After surgery was complete, animals were allowed to stabilize for 15 to 20 minutes. RSNA, mean arterial pressure, and heart rate were then collected on 3 occasions during a 10-minute control period and averaged to establish baseline. Each animal then received 2 ICV injections. Mice received first LY294002 (0.1 or 1 μg), wortmannin (0.01 μg), or their vehicles (1% methanol and DMSO, respectively) followed 10 minutes later by leptin (5 μg), MTII (melanocortin-3/4 receptor agonist, 5 μg), or vehicle (saline).
Because the increase in RSNA induced by leptin was not completely blocked by a single ICV injection of the PI3K inhibitor LY294002, we performed one separate experiment in which a second ICV injection of this inhibitor or its vehicle was performed. Two groups of RSNA instrumented mice received 0.1 μg of LY294002 followed 10 minutes later by 5 μg of leptin. Two hours later, one group received a third ICV injection of 0.1 μg of LY294002, whereas the second group was given vehicle.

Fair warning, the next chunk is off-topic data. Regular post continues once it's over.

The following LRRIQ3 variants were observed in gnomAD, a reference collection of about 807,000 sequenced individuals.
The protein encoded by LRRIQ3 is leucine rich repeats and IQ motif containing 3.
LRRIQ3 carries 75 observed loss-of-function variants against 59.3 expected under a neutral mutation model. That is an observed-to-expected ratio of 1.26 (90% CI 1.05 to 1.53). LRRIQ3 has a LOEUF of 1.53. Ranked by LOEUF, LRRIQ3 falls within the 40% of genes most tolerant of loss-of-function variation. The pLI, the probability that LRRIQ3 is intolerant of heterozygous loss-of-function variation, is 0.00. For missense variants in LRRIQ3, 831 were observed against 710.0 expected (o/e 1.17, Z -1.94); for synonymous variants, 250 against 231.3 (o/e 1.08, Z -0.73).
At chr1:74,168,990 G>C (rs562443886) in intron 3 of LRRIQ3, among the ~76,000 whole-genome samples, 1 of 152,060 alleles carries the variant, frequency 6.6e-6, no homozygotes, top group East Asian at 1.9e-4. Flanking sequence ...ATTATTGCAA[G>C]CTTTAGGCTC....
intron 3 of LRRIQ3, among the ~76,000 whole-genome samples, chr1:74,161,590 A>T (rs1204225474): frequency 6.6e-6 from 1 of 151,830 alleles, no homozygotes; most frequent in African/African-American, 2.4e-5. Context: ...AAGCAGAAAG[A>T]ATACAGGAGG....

After ICV administration of experimental agents, mean arterial pressure, heart rate, and RSNA measurements were made every 15 minutes for 4 hours. At the end of the experiments, arterial blood was collected for plasma leptin assay. Mice were then killed by methohexital overdose.
Results are expressed as mean±SEM. Sympathetic nerve firing rate was corrected for background noise by subtracting postmortem measurement from the measurements obtained at each time point during the experiment. The data for RSNA are expressed as percentage change from baseline. Data were analyzed by 1-way ANOVA or 2-way ANOVA on repeated measures with Bonferroni or Newman-Keuls tests for post hoc comparison. A value of P<0.05 was considered to be statistically significant.
Effect of PI3K Blockade on Feeding Response to Leptin